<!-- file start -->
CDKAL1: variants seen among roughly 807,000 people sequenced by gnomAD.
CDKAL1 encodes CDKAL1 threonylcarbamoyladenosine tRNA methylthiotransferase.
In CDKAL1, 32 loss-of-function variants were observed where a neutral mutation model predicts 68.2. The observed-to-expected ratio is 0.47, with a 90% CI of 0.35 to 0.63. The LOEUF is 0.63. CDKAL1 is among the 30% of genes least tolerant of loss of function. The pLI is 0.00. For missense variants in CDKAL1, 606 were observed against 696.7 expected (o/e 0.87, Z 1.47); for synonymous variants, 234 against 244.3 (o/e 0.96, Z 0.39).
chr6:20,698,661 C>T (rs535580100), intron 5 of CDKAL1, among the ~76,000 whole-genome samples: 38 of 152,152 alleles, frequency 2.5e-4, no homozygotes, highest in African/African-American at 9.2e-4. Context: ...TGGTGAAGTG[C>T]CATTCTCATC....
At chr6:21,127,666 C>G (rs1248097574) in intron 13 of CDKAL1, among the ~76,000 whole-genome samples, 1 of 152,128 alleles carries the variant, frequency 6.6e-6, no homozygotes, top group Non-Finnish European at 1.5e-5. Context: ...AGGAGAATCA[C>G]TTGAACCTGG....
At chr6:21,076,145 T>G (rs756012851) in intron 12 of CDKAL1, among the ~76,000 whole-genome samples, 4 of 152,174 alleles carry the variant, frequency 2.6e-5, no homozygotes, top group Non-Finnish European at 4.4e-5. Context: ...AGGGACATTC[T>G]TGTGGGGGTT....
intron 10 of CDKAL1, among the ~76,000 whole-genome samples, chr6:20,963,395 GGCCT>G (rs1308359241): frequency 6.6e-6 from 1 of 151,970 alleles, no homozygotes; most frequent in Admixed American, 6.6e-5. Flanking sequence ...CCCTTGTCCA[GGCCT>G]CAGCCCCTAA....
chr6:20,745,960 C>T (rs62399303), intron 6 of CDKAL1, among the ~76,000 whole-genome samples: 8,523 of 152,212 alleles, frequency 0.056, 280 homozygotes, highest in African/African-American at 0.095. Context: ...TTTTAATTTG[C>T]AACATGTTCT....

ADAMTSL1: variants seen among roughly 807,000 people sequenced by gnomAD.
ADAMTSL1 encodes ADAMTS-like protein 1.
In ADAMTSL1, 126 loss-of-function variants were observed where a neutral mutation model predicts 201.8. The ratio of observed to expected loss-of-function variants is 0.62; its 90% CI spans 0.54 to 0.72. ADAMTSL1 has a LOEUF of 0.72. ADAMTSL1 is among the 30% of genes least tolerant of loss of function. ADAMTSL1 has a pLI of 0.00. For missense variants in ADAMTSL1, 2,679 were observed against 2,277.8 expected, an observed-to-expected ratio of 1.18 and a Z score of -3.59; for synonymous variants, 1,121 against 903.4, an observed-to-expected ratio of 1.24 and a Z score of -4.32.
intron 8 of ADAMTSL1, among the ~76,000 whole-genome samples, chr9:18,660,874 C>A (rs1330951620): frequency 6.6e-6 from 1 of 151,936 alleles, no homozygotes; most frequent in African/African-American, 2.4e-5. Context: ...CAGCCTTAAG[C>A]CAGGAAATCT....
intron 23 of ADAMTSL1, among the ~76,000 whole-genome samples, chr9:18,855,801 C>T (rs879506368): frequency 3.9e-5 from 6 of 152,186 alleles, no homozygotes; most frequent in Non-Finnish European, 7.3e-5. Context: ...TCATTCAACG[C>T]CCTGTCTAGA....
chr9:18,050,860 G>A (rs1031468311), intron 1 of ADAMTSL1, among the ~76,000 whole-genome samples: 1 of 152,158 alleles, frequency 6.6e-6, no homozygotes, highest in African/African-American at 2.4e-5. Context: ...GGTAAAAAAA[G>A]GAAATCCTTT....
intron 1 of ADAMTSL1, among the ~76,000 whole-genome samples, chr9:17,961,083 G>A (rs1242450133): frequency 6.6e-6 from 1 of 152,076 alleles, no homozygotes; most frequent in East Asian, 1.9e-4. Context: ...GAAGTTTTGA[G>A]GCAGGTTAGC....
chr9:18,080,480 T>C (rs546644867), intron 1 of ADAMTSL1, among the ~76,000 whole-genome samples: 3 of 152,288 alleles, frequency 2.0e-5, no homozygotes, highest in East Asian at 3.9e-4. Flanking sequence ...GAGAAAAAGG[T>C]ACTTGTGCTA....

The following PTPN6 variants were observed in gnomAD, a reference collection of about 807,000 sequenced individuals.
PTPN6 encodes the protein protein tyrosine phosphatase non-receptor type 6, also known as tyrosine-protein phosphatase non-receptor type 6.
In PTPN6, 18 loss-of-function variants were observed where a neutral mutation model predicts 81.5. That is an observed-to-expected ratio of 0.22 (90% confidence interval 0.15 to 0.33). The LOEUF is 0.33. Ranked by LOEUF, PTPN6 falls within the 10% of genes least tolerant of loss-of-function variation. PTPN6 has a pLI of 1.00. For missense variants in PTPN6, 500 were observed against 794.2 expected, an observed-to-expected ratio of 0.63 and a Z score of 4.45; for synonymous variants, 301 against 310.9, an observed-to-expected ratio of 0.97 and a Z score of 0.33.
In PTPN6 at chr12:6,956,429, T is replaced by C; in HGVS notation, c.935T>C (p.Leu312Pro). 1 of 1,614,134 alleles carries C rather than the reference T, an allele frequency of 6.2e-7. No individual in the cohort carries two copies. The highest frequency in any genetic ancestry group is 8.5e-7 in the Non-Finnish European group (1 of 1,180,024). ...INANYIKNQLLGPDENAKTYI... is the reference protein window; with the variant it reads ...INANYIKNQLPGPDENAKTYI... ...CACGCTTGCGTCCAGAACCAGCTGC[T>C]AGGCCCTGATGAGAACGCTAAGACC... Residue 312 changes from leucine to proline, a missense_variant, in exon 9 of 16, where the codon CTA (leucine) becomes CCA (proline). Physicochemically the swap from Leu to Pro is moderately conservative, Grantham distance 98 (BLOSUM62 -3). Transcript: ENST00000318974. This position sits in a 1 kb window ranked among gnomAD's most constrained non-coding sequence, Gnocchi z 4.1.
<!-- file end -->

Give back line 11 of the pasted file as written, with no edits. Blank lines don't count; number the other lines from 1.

In ADAMTSL1, 126 loss-of-function variants were observed where a neutral mutation model predicts 201.8. The ratio of observed to expected loss-of-function variants is 0.62; its 90% CI spans 0.54 to 0.72. ADAMTSL1 has a LOEUF of 0.72. ADAMTSL1 is among the 30% of genes least tolerant of loss of function. ADAMTSL1 has a pLI of 0.00. For missense variants in ADAMTSL1, 2,679 were observed against 2,277.8 expected, an observed-to-expected ratio of 1.18 and a Z score of -3.59; for synonymous variants, 1,121 against 903.4, an observed-to-expected ratio of 1.24 and a Z score of -4.32.